Polycarp vs. Andrew the Fisherman

Today in saintly action, Polycarp faces Andrew the Fisherman, as a second century martyred bishop takes on a martyred apostle. Something fishy is definitely going on here...

Yesterday, Albert Schweitzer defeated Henry Mühlenberg 75% to 25%. Which, although it's tough news for Henry, means we're all collectively spared from trying to figure out how to type an umlaut. Which may remind longtime Lent Madness participants of Franz Jägerstätter, who nearly won the Golden Halo in 2017 before he and his two umlauts succumbed to Florence Nightingale.

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Polycarp was the bishop of Smyrna and a leading figure in Roman Asia in the middle of the second century.

For better or worse, Polycarp is remembered as a champion of orthodoxy. He took the arch-heretics Marcion and Valentinus to task. His letter to the Philippians explores how right belief and right action are closely intertwined. Throughout the letter he demonstrates familiarity with the Greek translation of the Jewish scriptures and some of Paul’s letters (which he appears to treat like scripture at times). He is both learned and pastoral.

His death is described at length in the early Christian text, The Martyrdom of Polycarp. In 155, during a local episode of persecution, Polycarp, now age 86, was arrested and brought to trial. In a trance, God had already revealed to Polycarp his arrest and the type of death he was to die. In fact, throughout the text, Polycarp is a bit of a charismatic, experiencing visions and hearing God’s encouragement throughout the ordeal.

After refusing to give an offering to Caesar and verbally sparring with the local magistrate, Polycarp was sentenced to death by burning. As they prepared the pyre, Polycarp refused to be bound, telling the soldiers that God would enable him to stand firm in the flames. When the pyre was lit, the flames circled around him but did not touch him. At the same time, we are told that bystanders smelled a sweet fragrance, like bread baking. The text also describes a “fragrant aroma” like “incense or some other precious spice.”

When it became clear that Polycarp would not die by fire, the executioner was ordered to stab him to finish the deed. As he was pierced, a dove emerged from his side along with so much blood that the fire around him was extinguished. His death was so noble and inspiring that the magistrate worried that Polycarp would now be worshiped alongside Christ so he had his body cremated and reduced to ashes.

In the end, Polycarp is a faithful witness who bridges an important gap between the apostolic age and what would later become orthodox Christianity. He learned from the Apostle John, corresponded with Christian contemporaries like Ignatius of Antioch, and inspired later Christian leaders, including the theologian Irenaeus and the church historian Eusebius. His writings, and the story of his martyrdom, can be found in the collection of writings called The Apostolic Fathers.

Collect for Polycarp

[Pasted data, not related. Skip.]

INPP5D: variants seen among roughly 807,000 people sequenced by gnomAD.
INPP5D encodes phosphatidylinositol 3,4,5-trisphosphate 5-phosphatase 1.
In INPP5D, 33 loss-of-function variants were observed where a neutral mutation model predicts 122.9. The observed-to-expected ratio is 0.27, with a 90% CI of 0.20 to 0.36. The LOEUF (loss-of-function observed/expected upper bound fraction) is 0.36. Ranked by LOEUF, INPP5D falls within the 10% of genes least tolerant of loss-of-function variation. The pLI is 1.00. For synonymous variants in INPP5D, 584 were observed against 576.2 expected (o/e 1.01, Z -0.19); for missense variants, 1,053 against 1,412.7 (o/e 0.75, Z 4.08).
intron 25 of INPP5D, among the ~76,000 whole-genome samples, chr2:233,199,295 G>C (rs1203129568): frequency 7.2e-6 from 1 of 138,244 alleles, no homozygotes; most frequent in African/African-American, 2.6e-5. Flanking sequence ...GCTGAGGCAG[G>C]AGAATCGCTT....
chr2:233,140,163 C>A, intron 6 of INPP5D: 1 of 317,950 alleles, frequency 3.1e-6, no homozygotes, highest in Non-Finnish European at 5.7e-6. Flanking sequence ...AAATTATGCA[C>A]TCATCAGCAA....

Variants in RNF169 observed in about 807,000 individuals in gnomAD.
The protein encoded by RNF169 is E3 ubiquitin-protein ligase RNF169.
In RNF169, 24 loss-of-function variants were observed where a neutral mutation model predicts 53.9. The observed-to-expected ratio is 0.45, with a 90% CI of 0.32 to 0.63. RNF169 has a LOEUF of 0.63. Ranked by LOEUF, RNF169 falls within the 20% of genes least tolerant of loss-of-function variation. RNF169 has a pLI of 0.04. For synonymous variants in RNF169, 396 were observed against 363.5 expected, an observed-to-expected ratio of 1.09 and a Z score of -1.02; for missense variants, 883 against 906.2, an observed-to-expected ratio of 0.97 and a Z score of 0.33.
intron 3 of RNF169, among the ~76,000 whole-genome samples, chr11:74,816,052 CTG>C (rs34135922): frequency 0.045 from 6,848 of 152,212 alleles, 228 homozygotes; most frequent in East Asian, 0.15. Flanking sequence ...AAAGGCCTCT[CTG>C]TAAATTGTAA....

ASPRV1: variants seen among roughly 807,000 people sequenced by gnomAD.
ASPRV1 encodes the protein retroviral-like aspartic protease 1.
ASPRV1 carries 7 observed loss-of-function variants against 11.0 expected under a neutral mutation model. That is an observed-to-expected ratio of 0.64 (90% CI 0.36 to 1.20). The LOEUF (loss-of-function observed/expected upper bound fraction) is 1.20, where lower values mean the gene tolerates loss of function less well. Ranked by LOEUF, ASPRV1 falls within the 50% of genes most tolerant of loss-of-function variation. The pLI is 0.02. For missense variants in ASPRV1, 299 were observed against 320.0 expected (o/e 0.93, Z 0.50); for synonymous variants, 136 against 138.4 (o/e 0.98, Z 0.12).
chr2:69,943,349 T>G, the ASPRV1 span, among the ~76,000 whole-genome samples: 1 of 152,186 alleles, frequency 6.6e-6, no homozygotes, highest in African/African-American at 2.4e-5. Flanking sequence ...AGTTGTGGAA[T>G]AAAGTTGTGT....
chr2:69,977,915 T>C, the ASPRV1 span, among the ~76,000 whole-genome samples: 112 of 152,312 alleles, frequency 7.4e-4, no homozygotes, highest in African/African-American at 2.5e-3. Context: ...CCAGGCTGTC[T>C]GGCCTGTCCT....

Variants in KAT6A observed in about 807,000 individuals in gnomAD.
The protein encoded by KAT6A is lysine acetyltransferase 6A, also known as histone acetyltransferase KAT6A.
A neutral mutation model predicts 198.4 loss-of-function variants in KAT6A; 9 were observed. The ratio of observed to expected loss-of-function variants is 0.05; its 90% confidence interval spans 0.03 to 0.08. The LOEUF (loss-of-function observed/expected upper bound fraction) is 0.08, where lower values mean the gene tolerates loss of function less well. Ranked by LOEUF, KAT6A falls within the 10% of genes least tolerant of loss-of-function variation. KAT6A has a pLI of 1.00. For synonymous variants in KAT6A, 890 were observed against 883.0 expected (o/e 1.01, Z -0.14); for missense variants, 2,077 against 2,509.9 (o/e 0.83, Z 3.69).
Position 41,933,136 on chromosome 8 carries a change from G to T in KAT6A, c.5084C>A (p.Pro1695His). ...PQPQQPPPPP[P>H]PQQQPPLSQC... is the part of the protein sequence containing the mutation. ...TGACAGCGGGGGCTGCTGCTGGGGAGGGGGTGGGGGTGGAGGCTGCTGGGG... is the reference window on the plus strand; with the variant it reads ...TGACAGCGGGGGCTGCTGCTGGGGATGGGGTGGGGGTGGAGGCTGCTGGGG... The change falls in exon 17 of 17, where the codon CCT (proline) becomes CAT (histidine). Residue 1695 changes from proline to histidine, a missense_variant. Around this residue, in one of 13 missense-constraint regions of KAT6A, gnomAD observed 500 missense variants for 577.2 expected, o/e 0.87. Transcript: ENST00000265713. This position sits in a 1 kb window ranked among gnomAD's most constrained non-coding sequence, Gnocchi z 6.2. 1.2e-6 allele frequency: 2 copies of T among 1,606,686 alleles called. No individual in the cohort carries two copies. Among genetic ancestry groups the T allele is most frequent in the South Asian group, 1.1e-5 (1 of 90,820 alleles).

O God, the maker of heaven and earth, you gave your venerable servant, the holy and gentle Polycarp, the boldness to confess Jesus Christ as King and Savior and the steadfastness to die for his faith: Give us grace, following his example, to share the cup of Christ and to rise to eternal life; through Jesus Christ our Lord, who lives and reigns with you and the Holy Spirit, one God, now and for ever. Amen. (LFF 2022)

David Creech

Andrew the Fisherman

St. Andrew is a saint whom we encounter first in the pages of Scripture. He and his brother Simon are casting their nets into the Sea of Galilee when Jesus strolls by and asks them to join with him. Immediately, he drops his net and follows. From then on, Andrew becomes a disciple of Jesus.

In John’s gospel, the encounter is presented slightly differently – John records Andrew as being a disciple of John the Baptist first, before John kindly redirects his focus to Jesus, exclaiming “Behold the Lamb of God!” as Jesus walks past one day. Upon hearing this, Andrew and his brother up and start trailing after Jesus, evidently without even a word of introduction. After a few moments, Jesus realizes he’s acquired literal followers and asks them what they’re doing. Andrew responds by asking “Rabbi, where are you staying?” Jesus invites him to come and see, and again, from then on, he is a steadfast companion.

Following Christ’s resurrection, tradition varies widely about what became of him. Eusebius quotes Origen, who tells us that Andrew went to Scythia to preach, and then all around northern Greece and what is now southern Russia. The Chronicle of Nestor records that he continued on, making it as far as Kiev/Kyiv, and then to Novogorod, He then went to Thrace to preach, founded the city of Constantinople on his way, and finally ended up in Achaea, in Patras, where he was put to death by the Roman Empire. Andrew protested his death, not because he feared death, but because he felt himself unworthy to die in the same manner as his Lord, and so he was crucified by being bound –not nailed –-to the cross, though the exact X shape that has come to be known as the saltire was only described in the Middle Ages.

Because of his extensive travels, St. Andrew is the patron saint of Ukraine, Russia, Romania, Scotland, and Constantinople, as well as fishermen and singers.